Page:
They’re Losing Faith in Kitsap and Local Atheists Are There to Help

One of the many reasons to start a local atheist group? When surveys say your city is one of the least religious in the country, reporters know exactly where to go for insight.

A Gallup poll recently declared Bremerton-Silverdale, Washington one of the least religious areas in the country. (They were ranked 7th in terms of highest non-religious population, getting just above 50%.)

So the Kitsap Sun, covering that exact region, wanted to know what’s going on:

Four members of the Kitsap Atheists and Agnostics group cited a number of factors that could be skewing the nonreligious numbers Kitsap’s way. Wesley Bonetti, one of the group’s four members that gathered at a Bremerton coffee shop this week, said people born here are generally raised to “Do your own thing.”

Cristyn Kelly said the highly transient nature of military life could be a factor. “It’s hard for people to establish themselves in a community if they are only here for a while,” she said.

There are other reasons, too, of course: The way the Gallup questions were worded, the inability to stay inside of a Christian bubble when you’re surrounded by different kinds of people, etc. But that hasn’t stopped the atheists in the area from forming their own social network for anyone who wants to join:

On Sunday a group of them plan to work to spruce up the Clear Creek Trail in Silverdale. And they meet every other Wednesday, seeking a community of their own.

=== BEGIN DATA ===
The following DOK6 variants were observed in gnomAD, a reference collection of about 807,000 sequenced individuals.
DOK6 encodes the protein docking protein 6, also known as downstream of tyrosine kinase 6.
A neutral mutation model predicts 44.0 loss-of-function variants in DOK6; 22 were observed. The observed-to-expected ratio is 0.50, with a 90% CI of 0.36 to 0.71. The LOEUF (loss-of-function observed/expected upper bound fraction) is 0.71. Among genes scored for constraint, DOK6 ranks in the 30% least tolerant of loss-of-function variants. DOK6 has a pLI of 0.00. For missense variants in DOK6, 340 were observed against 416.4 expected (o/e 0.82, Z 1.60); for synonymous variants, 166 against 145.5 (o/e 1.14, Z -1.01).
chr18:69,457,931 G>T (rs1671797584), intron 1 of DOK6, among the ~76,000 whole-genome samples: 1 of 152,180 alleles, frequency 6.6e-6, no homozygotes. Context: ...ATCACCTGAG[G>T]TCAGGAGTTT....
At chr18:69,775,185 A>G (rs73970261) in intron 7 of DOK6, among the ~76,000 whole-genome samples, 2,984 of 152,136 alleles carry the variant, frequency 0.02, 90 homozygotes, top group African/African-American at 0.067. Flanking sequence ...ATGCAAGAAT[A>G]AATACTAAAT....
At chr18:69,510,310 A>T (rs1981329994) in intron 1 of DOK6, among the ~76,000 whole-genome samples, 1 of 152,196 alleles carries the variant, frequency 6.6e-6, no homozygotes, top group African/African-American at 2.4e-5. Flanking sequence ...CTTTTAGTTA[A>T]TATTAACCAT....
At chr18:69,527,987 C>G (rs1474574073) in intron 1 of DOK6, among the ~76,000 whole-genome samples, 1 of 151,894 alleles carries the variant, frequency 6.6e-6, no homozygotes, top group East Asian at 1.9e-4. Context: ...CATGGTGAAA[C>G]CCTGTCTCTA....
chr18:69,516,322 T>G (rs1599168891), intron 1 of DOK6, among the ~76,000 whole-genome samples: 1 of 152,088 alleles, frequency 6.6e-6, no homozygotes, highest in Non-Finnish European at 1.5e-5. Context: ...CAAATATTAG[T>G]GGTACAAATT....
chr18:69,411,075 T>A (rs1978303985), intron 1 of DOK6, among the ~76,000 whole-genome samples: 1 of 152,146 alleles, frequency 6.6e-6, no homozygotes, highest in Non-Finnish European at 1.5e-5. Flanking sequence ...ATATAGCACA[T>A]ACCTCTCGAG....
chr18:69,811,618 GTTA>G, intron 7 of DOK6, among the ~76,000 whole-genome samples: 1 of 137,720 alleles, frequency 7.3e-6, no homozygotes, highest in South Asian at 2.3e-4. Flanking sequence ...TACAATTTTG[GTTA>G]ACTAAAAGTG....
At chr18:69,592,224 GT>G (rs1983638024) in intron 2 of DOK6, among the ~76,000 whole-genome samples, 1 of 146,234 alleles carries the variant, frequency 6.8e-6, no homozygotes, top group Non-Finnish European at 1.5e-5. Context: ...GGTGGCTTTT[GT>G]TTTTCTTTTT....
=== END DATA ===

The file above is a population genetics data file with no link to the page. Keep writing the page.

“It’s a community for people without church,” Kost said.

As I’ve said before, if atheists can offer people the benefits of church without the mythological nonsense, they would bring in a lot more people who are content to call themselves non-religious but don’t want to go a step further.

(image via Shutterstock)

About Hemant Mehta

Hemant Mehta is the editor of Friendly Atheist, appears on the Atheist Voice channel on YouTube, and co-hosts the uniquely-named Friendly Atheist Podcast. You can read much more about him here.

  • Bubba Tarandfeathered

    Not to knock my Atheist brothers and sisters on the Peninsula but it’s very possible had the poll been conducted with-in the Navy Community the result would have been different. Many in the military still identify with some religion due to internal pressures of their peers, command and navy tradition.

  • SeekerLancer

    I was thinking in regards to the transient military life statement that it’s likely the “nones” here are believers, just not attached to a particular church.

  • Karen

    Upon leaving the church, the thing I longed for the most was “community”. Atheist groups are one way of filling that void, but other social groups can also fill the bill.
    Kudos to those atheists with the skills to get a group going.

    Homeschool Atheist Momma

  • William R. Dickson

    Yet another reason for me to regret moving away from Kingston.

  • Pattrsn

    One of the least religious areas in the country? The rates of murder, suicide, environmental disaster must be horrendous.

  • Mackinz

    incredibly low*

  • KC

    chances are that people there are more intelligent. Get a copy of Intelligence Paradox and see all the research data.

  • meekinheritance

    Because there are no atheists in foxholes? ;-)
    Are foxholes an issue for the navy? (rhetorical)

  • snoozn